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About Dr. Jack Schofield

Dr. Jack Schofield 

1923-2015

 

 

 

Jack Lund Schofield, a former Nevada legislator and member of the state Board of Regents

Schofield, 91, had a list of accomplishments that included becoming the Golden Gloves welterweight boxing champion in 1941 and serving as a decorated pilot during World War II.

Dr Schofield had a wife Alene, 94, (2015) and six children. He said in 2013 that he had 34 grandchildren and 59 great-grandchildren. Sam Lieberman, who replaced Schofield as the regent for District 5, said 

 

“Jack was a saint of a human being that cared passionately about our community,” Lieberman said. “He’ll be remembered as a great Nevadan and a great American.”

 

 

Schofield graduated from Las Vegas High School in 1941, enlisted in the Army in Salt Lake City in October 1942, was called to active duty in April 1943 and “put on the (pilot) wings” on June 27, 1944, in New Mexico.

In February 1945, the 14th Air Force Flying Tigers fighter planes under Maj. Gen. Claire Chennault were being integrated with new B-25H Mitchell bombers, a “wicked machine” with cannon for the pilot and .50-caliber machine guns for the crew.

 

Jack Schofield, back row center, with his B-25 crew in 1945 at the 22nd Bomb Squadron base at Yangkai, China. The squadron was part of the 341st Bomb Group of the 14th Air Force in China in 1944 and 1945.

Jack Schofield, back row center, with his B-25 crew in 1945 at the 22nd Bomb Squadron
base at Yangkai, China. The squadron was part of the 341st Bomb Group
of the 14th Air Force in China in 1944 and 1945.
 
 

Almost every bombing mission Jack Schofield flew in World War II was a mission of opportunity.

“Anything ‘enemy’ we had a license to kill, a license to destroy. That was our mission: Destroy the enemy,” the 89-year-old former Army Air Force pilot said in his speech to veterans who graduated from Judge Mark Stevens’ Henderson Veterans Court.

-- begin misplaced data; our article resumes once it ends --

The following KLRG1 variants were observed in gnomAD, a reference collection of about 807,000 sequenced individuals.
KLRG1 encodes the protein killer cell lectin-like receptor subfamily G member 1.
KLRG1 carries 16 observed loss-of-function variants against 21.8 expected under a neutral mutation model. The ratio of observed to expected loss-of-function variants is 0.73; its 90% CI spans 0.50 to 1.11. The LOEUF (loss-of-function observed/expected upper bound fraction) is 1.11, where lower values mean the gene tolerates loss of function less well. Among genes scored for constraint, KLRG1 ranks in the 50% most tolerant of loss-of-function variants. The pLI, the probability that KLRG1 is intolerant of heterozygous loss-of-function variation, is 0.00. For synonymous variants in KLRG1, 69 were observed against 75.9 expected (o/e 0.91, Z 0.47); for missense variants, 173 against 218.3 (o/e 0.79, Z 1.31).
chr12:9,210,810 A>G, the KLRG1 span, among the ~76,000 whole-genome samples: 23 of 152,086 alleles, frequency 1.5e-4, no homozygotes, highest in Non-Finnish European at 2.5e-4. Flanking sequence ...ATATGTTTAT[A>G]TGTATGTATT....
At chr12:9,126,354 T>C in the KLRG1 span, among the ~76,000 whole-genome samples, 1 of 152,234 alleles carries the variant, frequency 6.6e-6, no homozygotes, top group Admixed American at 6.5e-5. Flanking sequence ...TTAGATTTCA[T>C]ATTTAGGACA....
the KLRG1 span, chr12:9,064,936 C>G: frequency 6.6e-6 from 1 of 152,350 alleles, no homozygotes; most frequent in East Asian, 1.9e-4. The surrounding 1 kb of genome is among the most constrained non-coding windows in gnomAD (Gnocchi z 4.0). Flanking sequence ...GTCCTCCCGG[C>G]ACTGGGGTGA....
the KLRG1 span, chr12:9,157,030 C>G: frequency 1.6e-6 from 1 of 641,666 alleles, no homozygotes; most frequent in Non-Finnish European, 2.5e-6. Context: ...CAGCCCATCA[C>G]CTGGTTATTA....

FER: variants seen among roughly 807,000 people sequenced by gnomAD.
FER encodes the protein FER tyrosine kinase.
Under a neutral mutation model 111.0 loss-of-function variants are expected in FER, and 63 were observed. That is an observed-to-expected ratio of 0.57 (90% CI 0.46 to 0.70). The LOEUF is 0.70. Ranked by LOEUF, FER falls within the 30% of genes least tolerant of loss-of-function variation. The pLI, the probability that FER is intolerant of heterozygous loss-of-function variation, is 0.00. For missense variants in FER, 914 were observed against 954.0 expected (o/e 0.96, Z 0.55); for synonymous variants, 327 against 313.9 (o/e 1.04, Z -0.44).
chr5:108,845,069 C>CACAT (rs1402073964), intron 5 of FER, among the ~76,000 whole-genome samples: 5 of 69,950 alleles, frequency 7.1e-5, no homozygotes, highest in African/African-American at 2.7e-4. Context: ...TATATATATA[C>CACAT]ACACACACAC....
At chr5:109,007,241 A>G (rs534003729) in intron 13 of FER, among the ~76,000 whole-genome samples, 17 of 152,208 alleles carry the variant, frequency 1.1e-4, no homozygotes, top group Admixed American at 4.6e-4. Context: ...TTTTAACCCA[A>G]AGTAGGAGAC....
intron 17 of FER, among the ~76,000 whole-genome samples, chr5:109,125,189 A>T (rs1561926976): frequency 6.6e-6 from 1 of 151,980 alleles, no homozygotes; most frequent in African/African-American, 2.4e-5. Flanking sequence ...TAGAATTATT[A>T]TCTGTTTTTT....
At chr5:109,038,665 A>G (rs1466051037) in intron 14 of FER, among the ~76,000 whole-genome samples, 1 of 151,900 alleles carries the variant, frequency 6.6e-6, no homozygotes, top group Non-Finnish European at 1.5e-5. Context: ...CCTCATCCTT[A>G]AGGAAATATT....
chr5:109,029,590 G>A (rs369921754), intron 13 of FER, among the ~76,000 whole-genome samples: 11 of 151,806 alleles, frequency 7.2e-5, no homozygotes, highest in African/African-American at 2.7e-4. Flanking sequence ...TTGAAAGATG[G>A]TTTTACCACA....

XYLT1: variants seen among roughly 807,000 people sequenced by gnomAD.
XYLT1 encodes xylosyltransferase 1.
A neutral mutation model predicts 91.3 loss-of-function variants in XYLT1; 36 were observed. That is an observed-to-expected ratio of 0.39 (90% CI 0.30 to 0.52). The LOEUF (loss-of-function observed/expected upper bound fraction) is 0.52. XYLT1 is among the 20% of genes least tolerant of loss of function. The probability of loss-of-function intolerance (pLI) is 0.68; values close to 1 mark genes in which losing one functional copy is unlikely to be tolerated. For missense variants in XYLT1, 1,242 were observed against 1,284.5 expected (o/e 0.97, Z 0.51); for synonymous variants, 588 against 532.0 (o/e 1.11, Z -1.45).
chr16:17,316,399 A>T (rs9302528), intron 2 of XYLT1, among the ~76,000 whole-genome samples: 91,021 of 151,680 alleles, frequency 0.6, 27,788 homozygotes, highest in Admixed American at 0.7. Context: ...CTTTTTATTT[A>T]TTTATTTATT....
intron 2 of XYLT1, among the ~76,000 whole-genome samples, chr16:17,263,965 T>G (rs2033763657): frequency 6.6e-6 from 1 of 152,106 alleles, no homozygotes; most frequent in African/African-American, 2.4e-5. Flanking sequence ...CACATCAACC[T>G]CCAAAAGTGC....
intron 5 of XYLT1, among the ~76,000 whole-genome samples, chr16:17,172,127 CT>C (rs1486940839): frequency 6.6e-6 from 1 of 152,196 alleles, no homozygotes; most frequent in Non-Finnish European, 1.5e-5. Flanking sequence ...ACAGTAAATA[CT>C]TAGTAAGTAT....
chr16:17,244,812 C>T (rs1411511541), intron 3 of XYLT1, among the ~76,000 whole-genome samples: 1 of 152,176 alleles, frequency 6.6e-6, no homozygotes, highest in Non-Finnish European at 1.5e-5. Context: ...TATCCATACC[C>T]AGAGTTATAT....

“You’d like to say that’s pretty hard, a hard thing to visualize that people want to destroy and kill,” he said.

“But, my heavens, the Japanese had done their best to undercut us and do their dirty deed at Pearl Harbor.

“They just wanted to slaughter us. They were heartless, and it made you angry inside, like you wanted to kill back,” he said.

“I’m a Christian and I know that I’m not supposed to feel that way, but you couldn’t help it when you read about the atrocities.”

Much like the opportunities Schofield encountered in the 44 missions he flew during the China-Burma-India campaign, including four flights that took him over “the Hump” — the towering Himalayas — the three graduates Thursday were given opportunities for a second chance to erase misdemeanor penalties by completing courses with veteran mentors.

 

 

Their reward was an opportunity to hear Schofield’s hourlong war story. It was as much a lesson in life as it was a chapter in military history.

“I think I’m the only one in the world to buzz the Taj Mahal in a B-25,” he said.

After the war, Schofield studied at the University of Utah, where he earned a bachelor’s degree in zoology in 1949. His dedication to education led to his master’s degree at the University of Nevada, Reno in 1967, before earning his doctorate in education from the University of Nevada, Las Vegas.

 

Dr. Jack Schofield, 89, while speaking about his family Thursday in

Judge Mark Stevens’ courtroom at Henderson Municipal Court.

 

Schofield taught at many local schools and has a Las Vegas middle school named for him. He was also an assemblyman and state senator in the 1970s.

Jack was passionate about education and definitely a family man,” said Clark County Commissioner Chris Giunchigliani, a neighbor of Schofield’s who ran for public office against him. “He stayed engaged in the community.”

Of all the things Schofield did in life, he said his biggest accomplishment wasn’t his teaching or political career or dodging anti-aircraft fire during World War II.

Instead, it was his family.

“My wife is the most genuine human being I’ve ever met,” Schofield told the Review-Journal in 2013.

 

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